FCC chairman asks aviation regulators to give airline passengers greater freedom to use electronic devices during flights.
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Turning off smartphones and tablets during taxi and takeoff may become a thing of the past.
Federal Communications Commission Chairman Julius Genachowski sent a letter to the Federal Aviation Administration's acting head Michael Huerta requesting that it "enable greater use of tablets, e-readers, and other portable devices" on airplanes.
The request, unearthed by The Hill, comes while the FAA is reviewing these policies. The evaluation began earlier this year.
"With so many different types of devices available, we recognize that this is an issue of consumer interest," said transportation secretary Roy LaHood in August. "Safety is our highest priority, and we must set appropriate standards as we help the industry consider when passengers can use the latest technologies safely during a flight."
Currently, the FAA requires that all electronic devices be powered down while planes are on the ground preparing for takeoff. Only after the aircraft reaches an altitude of 10,000 feet are passengers allowed to turn them back on. Cell phone radios, however, must still remain off for the duration of any flight. Some airlines provide Wi-Fi-based Internet service to laptops and tablets for an extra fee.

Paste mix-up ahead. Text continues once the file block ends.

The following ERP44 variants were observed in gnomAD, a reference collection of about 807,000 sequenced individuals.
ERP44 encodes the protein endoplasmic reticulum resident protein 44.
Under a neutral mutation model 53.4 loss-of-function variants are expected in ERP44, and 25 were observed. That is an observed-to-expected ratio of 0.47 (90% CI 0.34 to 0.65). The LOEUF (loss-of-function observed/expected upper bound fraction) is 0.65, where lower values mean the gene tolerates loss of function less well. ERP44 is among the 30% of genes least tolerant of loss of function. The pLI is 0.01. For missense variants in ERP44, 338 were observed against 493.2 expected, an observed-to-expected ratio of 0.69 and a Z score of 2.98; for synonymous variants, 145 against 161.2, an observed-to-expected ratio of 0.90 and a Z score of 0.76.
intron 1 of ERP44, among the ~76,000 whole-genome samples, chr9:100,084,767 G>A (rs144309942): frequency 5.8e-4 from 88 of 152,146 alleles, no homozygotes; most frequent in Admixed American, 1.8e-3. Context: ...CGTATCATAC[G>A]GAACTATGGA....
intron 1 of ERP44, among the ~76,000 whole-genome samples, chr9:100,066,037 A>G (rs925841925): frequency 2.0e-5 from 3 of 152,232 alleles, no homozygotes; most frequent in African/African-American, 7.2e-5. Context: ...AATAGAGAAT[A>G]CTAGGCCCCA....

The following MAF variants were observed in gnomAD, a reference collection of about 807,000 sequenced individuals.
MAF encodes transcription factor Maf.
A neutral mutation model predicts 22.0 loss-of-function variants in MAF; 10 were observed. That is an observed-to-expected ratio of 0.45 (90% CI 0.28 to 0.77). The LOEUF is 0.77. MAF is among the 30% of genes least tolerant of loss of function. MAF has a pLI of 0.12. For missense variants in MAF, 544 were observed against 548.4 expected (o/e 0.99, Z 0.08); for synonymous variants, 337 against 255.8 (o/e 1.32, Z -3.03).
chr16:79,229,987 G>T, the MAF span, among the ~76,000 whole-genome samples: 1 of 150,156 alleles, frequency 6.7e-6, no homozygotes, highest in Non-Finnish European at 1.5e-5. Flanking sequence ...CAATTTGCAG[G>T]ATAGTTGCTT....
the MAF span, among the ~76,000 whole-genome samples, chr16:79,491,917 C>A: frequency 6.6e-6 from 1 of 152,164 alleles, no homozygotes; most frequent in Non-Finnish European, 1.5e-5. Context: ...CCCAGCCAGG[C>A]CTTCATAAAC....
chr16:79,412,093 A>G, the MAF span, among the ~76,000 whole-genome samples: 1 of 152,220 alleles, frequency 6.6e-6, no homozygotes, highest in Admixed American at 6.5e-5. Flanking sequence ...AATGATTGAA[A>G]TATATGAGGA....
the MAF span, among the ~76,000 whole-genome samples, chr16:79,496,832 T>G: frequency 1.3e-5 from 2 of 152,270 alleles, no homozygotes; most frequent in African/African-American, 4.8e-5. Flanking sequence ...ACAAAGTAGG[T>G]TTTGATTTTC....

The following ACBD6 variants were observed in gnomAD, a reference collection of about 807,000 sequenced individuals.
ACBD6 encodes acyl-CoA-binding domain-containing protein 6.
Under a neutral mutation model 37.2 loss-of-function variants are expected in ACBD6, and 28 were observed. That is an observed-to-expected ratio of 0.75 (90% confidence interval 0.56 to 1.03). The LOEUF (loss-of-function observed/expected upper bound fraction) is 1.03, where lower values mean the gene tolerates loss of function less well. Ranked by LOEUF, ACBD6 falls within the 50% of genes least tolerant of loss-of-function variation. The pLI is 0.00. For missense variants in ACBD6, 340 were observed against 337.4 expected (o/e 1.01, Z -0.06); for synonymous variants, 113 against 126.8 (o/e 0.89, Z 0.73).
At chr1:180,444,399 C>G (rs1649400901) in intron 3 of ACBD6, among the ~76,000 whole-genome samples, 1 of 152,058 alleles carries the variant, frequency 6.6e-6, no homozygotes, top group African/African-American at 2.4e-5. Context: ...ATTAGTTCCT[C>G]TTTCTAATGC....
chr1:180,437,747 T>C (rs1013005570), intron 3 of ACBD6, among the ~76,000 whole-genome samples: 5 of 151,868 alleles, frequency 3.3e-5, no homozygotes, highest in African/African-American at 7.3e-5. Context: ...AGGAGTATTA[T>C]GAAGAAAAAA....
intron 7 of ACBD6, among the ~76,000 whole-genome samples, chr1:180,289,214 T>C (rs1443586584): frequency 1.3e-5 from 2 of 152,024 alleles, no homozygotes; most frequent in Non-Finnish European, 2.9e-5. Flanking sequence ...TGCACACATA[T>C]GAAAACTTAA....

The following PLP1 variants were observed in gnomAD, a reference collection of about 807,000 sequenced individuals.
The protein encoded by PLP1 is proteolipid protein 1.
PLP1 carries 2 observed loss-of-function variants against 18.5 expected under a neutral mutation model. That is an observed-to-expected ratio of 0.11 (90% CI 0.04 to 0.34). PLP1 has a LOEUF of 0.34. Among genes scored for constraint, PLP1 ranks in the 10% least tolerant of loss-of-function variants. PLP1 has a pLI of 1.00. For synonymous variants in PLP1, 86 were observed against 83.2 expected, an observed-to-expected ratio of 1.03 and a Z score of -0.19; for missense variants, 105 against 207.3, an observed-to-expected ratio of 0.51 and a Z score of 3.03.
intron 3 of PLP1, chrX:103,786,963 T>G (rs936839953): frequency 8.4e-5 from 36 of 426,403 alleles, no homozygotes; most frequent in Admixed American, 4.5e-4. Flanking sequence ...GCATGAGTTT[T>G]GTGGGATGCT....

Though the FAA is reviewing these policies, it has no plans to allow voice calls on airplanes -- that is not on the table. The FCC hopes the FAA will relax its policies regarding other use of mobile devices.
"This review comes at a time of tremendous innovation, as mobile devices are increasingly interwoven in our daily lives," wrote Genachowski. "They empower people to stay informed and connected with friends and family, and they enable both large and small businesses to be more productive and efficient, helping drive economic growth and boost U.S. competitiveness."
It's not clear what, if any, impact the FCC's request will have. The FAA's review is really just getting underway. It planned to form a study group sometime during the fall and then spend six months assessing the effect of mobile device use on the safe operation of aircraft. Further, when the FAA first announced the review, it said that it might not change its policies once the review is complete. Instead, the FAA may leave it up to individual airlines to set their own policies based on the information gathered at the end of the review.
It doesn't hurt, however, that the FCC is pushing for greater use of electronics on planes.
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